Reviewed by Oct 05, 2020| Updated on
Carve-out refers to the partial divestiture of a business unit; particularly, selling off the minority interest of a child company, by a parent company, to investors. It is not selling off a business unit entirely, but it is either selling an equity stake in the business or letting the business function on its own while retaining an equity stake.
The parent company is bound to sell some or all of the shares of its child company to the public through an initial public offering (IPO). After the event, the child company will have a new set of shareholders.
A carve-out is usually followed by the full spin-off of the subsidiary to the parent company's shareholders. The carve-out separates the subsidiary or the business unit from the parent company, making it a standalone company. The company newly formed must have its own board of directors and financial statements.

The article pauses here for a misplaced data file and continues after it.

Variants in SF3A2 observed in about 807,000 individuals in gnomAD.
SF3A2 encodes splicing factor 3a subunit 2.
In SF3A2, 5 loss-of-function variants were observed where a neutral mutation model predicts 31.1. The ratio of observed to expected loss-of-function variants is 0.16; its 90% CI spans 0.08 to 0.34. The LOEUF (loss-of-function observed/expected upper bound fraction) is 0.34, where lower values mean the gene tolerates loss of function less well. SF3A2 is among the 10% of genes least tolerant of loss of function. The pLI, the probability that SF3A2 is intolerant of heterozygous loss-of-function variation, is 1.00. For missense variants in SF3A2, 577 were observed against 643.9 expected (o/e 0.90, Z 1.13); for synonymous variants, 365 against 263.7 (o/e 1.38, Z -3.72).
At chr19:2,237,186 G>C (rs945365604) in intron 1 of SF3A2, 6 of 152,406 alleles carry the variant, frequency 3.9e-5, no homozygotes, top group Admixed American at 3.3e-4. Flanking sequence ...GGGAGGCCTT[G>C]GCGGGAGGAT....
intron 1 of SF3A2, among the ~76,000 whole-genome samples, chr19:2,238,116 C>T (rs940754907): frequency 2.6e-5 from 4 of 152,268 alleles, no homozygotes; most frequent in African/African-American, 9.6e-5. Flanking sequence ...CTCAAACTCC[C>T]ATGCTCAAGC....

However, the parent company still maintains a controlling interest in the new company. It may also provide support and resources necessary for the smooth running of the new company.
Usually, corporations choose carve-outs rather than a total divestiture for various reasons. The regulators consider the reason for a carve-out before approving the same.
It may get difficult to sell a deeply-integrated unit off of a business while keeping it solvent. If a company is seeking investments for the carve-out, the company must estimate the consequences of completely cutting off its ties with the carve-out and the initial reason for the carve-out.